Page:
New chapter in labour activism
Google employees united globally to convene marches against sexual harassment at workplace
The pace of events was amazing. On October 25, 2018, the New York Times carried an exposé on how Google top management handled sexual harassment complaints against their top executives. When sexual harassment charges surfaced against Andy Rubin, the creator of the Android mobile software, Google not only hushed up the matter but stealthily struck a deal for his resignation giving him a $90 million exit package; A hero's farewell. The New York Times story also exposed that two other senior executives were given similar compromise payouts. Google employees were highly incensed at their own management rewarding the culprits instead of punishing them. Legally they could well have been dismissed without any "compensation" but still, Google chose to hush up the matter after paying them hefty amounts.
The Google employees decided that enough is enough and wanted to give concrete expression to their anger in the form of a protest. They have no union. Google has been the best paymaster. The median salary of Google employees in the US at $161,409 per annum is the highest for any major tech company there. Hence, they never felt the need for a union. So, just seven employees first started organising on this issue in the next two days. The general consensus among employees at the Google headquarters in California was that they should come out and protest. Many took to the social media to voice their anger. Dedicated WhatsApp groups emerged. Google employees in other offices over the world were contacted through e-mails and phone calls. Suggestions poured in online on a charter of demands to be given to the management; five demands were concretised, and the charter took shape on Instagram. November 1 was decided as the day of protest. It was decided to stage a walkout that day. Employees from around 40 Google offices around the world — from Singapore to Chicago, Hyderabad to London — walked out of work and staged marches. The global march of Google employees against the attitude of the management towards sexual harassment at work became a reality. History was made within a week.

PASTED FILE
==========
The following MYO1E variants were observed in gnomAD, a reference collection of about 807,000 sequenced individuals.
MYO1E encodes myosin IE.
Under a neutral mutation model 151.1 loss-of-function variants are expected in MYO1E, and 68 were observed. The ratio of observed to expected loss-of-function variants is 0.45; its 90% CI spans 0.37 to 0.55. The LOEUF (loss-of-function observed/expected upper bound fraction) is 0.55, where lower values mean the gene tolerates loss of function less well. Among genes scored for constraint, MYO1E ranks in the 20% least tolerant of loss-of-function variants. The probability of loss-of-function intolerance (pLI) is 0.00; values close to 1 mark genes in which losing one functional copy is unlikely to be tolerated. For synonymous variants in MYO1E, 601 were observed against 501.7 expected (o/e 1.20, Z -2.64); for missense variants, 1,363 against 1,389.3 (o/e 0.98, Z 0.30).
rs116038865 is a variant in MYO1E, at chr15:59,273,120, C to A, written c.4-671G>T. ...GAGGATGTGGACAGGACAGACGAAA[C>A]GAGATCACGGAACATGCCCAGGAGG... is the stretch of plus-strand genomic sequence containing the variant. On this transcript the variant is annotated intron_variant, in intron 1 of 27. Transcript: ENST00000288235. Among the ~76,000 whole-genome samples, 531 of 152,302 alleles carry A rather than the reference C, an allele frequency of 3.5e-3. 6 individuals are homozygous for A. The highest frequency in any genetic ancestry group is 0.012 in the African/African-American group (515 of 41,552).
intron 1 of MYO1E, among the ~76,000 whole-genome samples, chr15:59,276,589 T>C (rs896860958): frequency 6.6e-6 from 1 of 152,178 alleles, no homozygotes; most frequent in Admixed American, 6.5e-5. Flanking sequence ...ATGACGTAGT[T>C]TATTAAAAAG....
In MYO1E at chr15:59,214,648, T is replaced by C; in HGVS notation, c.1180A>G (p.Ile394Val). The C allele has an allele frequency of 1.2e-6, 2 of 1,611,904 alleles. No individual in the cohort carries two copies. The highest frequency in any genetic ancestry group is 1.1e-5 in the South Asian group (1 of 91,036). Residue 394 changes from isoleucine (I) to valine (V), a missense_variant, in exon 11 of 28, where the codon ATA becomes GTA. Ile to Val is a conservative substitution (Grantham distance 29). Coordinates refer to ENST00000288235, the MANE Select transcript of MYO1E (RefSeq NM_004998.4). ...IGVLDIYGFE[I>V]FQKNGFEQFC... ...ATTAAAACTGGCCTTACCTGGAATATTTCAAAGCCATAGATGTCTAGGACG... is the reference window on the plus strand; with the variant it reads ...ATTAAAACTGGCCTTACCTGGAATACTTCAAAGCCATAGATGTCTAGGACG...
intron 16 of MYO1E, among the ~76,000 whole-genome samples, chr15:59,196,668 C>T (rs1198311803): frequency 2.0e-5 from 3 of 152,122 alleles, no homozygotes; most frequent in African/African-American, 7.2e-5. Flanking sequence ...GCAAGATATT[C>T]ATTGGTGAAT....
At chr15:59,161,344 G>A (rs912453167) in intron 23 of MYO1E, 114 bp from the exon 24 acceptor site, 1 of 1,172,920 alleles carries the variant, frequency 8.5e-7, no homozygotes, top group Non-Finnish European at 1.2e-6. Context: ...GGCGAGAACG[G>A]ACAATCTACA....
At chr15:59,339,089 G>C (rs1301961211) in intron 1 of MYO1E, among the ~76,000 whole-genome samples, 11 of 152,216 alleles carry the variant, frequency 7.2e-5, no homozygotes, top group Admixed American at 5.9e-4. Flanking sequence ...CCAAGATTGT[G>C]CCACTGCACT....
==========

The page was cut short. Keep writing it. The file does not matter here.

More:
The world had never seen anything like this before. They didn't have a conventional trade union and didn't require one. Being the cream of the tech workforce, they could plan and coordinate their synchronised direct action across 40 major cities within a week. Labour organising took new forms.
The Google management was rattled so much that the CEO Sundar Pichai apologised: "I am deeply sorry for the past actions and the pain they have caused employees." In a letter he wrote along with Eileen Naughton, a vice-president of the company, they also tried to reassure that the management would adopt a stern policy towards those accused of sexual harassment: "Over the past two years, we have terminated 48 people, including 13 senior managers and above for sexual harassment. None of these people received an exit package". But this letter alone could not pacify the employees. Left with no alternative, the Google management had to endorse the walkout!